Sleep had always eluded me.
I used to take Benadryl in high school (more than the average dose), and growing up I was used to being the last one awake at sleepovers. That usually resulted in me calling my mom to pick me up from slumber parties at 2 am. At a young age, I developed a fear of the night, of not sleeping, of being tired the next day, of being alone with my thoughts.
Insomnia ran in my family and I hit a rough patch at age 18. I was a camp counselor at the time, and couldn’t manage to turn my little brain off at night. High performance and ‘go, go, go’ was expected of me, and I simply couldn’t function on 2 hours of sleep every night. Fix it fast, as fast as you can, I told myself, a notion confirmed by doctors. And what better immediate solution than a pill?
For the next seven years straight, I would take a powerful prescription medication to sleep: Ambien.
I became someone with an addiction. Ambien (and eventually wine), would soon become my higher power, the only way I knew how to do life.
I grew such a tolerance and such a reliance, that my small frame would take three to four times the maximum amount prescribed just so that I could sleep peacefully.
It did not start out as an addiction or dark cloud, far from it. What started as a desire to simply sleep, experience one of life’s most natural functions, turned into a raging addiction. One pill turned into two, two into three, three into God knows how much. Often times I’d wake up and half the bottle of Ambien would be gone, and I’d have no recollection of how it happened: The last thing I remembered was taking one. I grew such a tolerance and such a reliance, that my small frame would take three to four times the maximum amount prescribed just so that I could sleep peacefully.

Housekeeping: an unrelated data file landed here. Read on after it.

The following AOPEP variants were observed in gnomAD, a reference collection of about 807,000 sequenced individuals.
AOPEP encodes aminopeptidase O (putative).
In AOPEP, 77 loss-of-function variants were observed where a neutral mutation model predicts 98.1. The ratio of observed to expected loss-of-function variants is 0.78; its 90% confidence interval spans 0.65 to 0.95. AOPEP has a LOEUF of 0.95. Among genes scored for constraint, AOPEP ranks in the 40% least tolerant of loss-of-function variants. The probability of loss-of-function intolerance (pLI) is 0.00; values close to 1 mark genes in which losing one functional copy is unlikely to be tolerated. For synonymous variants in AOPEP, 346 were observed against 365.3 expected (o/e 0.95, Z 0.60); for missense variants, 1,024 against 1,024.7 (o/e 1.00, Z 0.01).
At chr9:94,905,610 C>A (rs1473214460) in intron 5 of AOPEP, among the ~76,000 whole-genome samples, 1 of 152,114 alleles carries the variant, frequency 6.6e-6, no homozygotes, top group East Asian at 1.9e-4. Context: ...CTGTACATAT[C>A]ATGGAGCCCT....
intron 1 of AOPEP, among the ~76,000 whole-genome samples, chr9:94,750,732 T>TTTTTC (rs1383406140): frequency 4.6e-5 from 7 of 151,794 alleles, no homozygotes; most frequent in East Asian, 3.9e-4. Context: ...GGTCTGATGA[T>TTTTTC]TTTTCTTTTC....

Needless to say, I felt as if I lived much of those seven years as a zombie, with no true rest. As Ambien began to stop working, as all of our bandaids eventually do, I quickly learned that alcohol could speed up the sleep process. So, I started combining the two: way too much Ambien and a couple of glasses of wine, eventually to become a bottle of wine a night. I would take my Ambien religiously and drink out of my sophisticated, tall- stemmed glass of Sauvignon Blanc devotedly. Every. Single. Night.